Australian parents, child sexuality, and boundary setting: informing preventative approaches to child sexual abuse
Babatsikos, Georgia (2011) Australian parents, child sexuality, and boundary setting: informing preventative approaches to child sexual abuse. PhD thesis, James Cook University.
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Over the past 20 years, child sexual abuse has been recognized as a significant social problem in both Australia and other countries worldwide. In response to this increased concern, many preventive initiatives have been developed. Prevention programs in Australia have mainly focused on children in school settings and their teachers, with few programs targeting parents and other caregivers. Parents' role in prevention is critical as they are the primary protectors of children. However, there has been little Australian research to explore the issues and challenges faced by parents/caregivers as they manage the risk of child sexual abuse. The aim of this research is to identify the knowledge, attitudes, beliefs, and practices of parents and primary caregivers in Australia that influence their management of this risk. This research also explores the ways in which parents access support, information and education on issues related to child sexuality and child sexual abuse.
For this research, qualitative interviews with Australian parents of children aged 5-15 years were conducted using the Grounded Theory approach developed by Strauss and Corbin (1998), with each stage of sampling being analysed and used to inform subsequent stages of sampling and interviewing. The outcome of this research was the development of a theory which explains the ways in which parents manage the risk of sexual abuse to their children. The central theme of this theory is balance, reflecting the challenge faced by parents in balancing social relationships when the sexual boundaries of their children were crossed by another person. The theme is also reflected in the challenge parents face when providing their children with sufficient information to protect the children without frightening them.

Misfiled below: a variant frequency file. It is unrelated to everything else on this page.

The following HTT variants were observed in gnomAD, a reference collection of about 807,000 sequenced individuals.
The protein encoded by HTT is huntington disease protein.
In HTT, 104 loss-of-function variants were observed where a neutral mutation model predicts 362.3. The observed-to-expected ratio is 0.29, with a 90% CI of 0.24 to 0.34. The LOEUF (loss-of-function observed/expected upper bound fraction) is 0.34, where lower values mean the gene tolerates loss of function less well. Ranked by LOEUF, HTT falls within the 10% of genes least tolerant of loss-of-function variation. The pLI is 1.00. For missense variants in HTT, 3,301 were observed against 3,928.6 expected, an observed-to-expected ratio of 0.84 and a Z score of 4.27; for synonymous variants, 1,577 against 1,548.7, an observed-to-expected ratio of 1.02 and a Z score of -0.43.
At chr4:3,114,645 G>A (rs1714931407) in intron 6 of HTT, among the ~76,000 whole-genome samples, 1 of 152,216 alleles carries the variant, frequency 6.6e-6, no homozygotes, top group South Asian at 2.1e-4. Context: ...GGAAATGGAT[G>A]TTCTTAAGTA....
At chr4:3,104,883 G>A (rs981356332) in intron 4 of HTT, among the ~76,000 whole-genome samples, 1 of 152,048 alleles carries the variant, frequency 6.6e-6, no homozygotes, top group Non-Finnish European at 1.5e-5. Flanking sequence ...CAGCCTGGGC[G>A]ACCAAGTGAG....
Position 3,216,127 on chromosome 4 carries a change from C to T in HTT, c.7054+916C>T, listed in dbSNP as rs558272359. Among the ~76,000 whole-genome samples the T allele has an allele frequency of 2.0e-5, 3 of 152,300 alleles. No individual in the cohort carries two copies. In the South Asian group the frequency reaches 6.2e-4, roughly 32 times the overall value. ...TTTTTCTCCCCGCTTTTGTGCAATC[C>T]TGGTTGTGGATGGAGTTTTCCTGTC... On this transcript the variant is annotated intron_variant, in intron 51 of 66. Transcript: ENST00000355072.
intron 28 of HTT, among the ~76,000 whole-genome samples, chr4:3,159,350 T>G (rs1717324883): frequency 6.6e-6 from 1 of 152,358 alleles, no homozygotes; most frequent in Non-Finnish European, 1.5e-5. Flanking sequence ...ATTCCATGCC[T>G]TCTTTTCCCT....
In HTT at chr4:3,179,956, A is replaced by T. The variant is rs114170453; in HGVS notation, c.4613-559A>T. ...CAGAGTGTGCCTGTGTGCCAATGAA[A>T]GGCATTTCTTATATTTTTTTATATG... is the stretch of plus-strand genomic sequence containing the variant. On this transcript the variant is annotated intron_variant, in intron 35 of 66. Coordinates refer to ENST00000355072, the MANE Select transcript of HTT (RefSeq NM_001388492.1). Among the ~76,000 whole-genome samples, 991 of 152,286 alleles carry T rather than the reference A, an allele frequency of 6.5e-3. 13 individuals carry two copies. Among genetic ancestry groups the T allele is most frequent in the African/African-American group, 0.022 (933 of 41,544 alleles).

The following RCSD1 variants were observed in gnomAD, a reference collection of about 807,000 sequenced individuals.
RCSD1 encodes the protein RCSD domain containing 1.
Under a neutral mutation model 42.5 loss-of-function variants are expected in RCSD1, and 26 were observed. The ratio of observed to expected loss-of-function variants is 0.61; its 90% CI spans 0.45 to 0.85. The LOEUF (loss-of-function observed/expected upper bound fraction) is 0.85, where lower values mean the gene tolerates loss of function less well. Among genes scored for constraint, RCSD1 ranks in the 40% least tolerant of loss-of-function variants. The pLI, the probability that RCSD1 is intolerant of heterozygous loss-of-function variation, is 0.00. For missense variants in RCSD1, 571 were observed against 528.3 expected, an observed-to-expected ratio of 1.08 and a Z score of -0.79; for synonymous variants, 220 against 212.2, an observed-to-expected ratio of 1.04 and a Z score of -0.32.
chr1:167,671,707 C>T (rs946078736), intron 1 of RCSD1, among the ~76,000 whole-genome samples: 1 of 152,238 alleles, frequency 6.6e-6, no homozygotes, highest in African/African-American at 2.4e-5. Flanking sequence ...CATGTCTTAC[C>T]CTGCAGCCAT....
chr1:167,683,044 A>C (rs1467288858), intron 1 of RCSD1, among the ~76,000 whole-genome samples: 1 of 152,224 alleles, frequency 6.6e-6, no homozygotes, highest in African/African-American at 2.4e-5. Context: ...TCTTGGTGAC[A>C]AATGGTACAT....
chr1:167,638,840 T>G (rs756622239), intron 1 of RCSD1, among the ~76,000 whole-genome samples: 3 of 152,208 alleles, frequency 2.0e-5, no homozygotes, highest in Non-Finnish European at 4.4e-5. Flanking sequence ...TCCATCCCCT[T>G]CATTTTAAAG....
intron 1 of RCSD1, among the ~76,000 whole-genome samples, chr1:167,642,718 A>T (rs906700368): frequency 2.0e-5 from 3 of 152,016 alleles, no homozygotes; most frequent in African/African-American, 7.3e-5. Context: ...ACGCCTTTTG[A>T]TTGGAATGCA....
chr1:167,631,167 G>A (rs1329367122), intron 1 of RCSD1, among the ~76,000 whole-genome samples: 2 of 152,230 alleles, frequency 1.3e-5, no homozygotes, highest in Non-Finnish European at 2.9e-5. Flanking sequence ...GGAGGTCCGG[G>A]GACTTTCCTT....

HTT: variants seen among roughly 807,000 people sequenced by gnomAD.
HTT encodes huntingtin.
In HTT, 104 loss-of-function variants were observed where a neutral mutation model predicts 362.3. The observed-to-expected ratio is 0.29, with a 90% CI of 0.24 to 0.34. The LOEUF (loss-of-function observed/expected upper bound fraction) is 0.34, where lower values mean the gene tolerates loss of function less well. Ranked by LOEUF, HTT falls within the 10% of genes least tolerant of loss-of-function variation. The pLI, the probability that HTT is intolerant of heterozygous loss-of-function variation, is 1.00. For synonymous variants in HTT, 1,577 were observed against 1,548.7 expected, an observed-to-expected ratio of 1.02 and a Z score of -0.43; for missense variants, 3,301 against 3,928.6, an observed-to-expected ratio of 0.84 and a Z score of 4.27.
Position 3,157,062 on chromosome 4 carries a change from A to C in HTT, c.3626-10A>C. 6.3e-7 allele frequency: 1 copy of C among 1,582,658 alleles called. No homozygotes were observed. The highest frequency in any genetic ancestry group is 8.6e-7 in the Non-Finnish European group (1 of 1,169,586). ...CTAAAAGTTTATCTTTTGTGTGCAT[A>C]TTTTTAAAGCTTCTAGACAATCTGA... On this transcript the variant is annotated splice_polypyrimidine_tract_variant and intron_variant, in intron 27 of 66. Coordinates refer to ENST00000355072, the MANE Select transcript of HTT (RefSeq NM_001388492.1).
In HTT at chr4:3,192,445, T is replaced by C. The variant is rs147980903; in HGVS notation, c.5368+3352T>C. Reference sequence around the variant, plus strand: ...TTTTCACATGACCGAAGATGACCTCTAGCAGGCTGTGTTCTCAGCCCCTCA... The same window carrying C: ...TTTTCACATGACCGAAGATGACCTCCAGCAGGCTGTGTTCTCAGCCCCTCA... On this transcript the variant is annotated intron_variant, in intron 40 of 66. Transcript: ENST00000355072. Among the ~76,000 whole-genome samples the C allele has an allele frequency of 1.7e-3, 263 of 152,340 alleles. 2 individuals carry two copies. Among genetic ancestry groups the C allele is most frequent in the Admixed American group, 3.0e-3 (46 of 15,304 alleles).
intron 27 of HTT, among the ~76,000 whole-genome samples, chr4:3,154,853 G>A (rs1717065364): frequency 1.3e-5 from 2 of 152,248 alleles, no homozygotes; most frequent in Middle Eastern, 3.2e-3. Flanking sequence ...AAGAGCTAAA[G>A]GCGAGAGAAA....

Findings from the research inform a number of recommendations for policy and practice aimed at preventing child sexual abuse. The development of alternatives to formal reporting when child sexual abuse is suspected was identified as important by parents in this study. Recommendations are made for programs which develop parental skills and knowledge in areas such as: the subtleness of grooming behaviours; the use of language that empowers children without scaring them; how to initiate child sexual abuse prevention discussions with their children; developing general communication skills; and developing strategies beyond relying on children to disclose.
|Item Type:||Thesis (PhD)|
|Keywords:||abused children; attitudes to sex; child exploitation; child protection; child safety; child sexual abuse; child sexuality; child welfare; interventions; parents role; prevention; sexual behavior; sexual behaviour; social policy|
Publications arising from this thesis are available from the Related URLs field. The publications are:
Babatsikos, Georgia (2010) Parents' knowledge, attitudes and practices about preventing child sexual abuse: a literature review. Child Abuse Review, 19 (2). pp. 107-129.
|Date Deposited:||14 Nov 2012 23:40|
|FoR Codes:||16 STUDIES IN HUMAN SOCIETY > 1607 Social Work > 160703 Social Program Evaluation @ 50%
16 STUDIES IN HUMAN SOCIETY > 1607 Social Work > 160702 Counselling, Welfare and Community Services @ 50%
|SEO Codes:||92 HEALTH > 9205 Specific Population Health (excl. Indigenous Health) > 920501 Child Health @ 100%|
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